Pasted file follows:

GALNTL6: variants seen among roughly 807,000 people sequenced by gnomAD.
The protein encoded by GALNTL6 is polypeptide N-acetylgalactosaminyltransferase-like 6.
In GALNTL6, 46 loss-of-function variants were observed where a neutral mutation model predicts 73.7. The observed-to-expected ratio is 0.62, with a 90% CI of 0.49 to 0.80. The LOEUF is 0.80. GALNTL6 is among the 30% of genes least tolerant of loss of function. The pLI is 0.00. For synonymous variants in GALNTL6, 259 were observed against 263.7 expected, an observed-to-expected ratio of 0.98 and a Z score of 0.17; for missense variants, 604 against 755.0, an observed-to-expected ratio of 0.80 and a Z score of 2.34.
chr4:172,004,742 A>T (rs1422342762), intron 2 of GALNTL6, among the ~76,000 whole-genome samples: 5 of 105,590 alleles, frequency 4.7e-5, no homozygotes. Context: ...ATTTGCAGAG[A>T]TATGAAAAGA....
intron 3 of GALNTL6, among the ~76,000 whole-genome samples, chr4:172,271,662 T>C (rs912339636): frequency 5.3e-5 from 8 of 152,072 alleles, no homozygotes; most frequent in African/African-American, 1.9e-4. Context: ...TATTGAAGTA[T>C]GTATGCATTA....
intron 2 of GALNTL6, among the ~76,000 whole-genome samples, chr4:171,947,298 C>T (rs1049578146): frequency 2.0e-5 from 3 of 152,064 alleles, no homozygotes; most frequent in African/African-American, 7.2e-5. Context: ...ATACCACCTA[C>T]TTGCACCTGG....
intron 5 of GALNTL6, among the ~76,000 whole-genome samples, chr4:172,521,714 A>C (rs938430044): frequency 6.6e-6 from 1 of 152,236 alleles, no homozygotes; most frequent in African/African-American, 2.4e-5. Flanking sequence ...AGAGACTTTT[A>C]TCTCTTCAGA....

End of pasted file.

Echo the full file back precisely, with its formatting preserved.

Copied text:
GALNTL6: variants seen among roughly 807,000 people sequenced by gnomAD.
The protein encoded by GALNTL6 is polypeptide N-acetylgalactosaminyltransferase-like 6.
In GALNTL6, 46 loss-of-function variants were observed where a neutral mutation model predicts 73.7. The observed-to-expected ratio is 0.62, with a 90% CI of 0.49 to 0.80. The LOEUF is 0.80. GALNTL6 is among the 30% of genes least tolerant of loss of function. The pLI is 0.00. For synonymous variants in GALNTL6, 259 were observed against 263.7 expected, an observed-to-expected ratio of 0.98 and a Z score of 0.17; for missense variants, 604 against 755.0, an observed-to-expected ratio of 0.80 and a Z score of 2.34.
chr4:172,004,742 A>T (rs1422342762), intron 2 of GALNTL6, among the ~76,000 whole-genome samples: 5 of 105,590 alleles, frequency 4.7e-5, no homozygotes. Context: ...ATTTGCAGAG[A>T]TATGAAAAGA....
intron 3 of GALNTL6, among the ~76,000 whole-genome samples, chr4:172,271,662 T>C (rs912339636): frequency 5.3e-5 from 8 of 152,072 alleles, no homozygotes; most frequent in African/African-American, 1.9e-4. Context: ...TATTGAAGTA[T>C]GTATGCATTA....
intron 2 of GALNTL6, among the ~76,000 whole-genome samples, chr4:171,947,298 C>T (rs1049578146): frequency 2.0e-5 from 3 of 152,064 alleles, no homozygotes; most frequent in African/African-American, 7.2e-5. Context: ...ATACCACCTA[C>T]TTGCACCTGG....
intron 5 of GALNTL6, among the ~76,000 whole-genome samples, chr4:172,521,714 A>C (rs938430044): frequency 6.6e-6 from 1 of 152,236 alleles, no homozygotes; most frequent in African/African-American, 2.4e-5. Flanking sequence ...AGAGACTTTT[A>C]TCTCTTCAGA....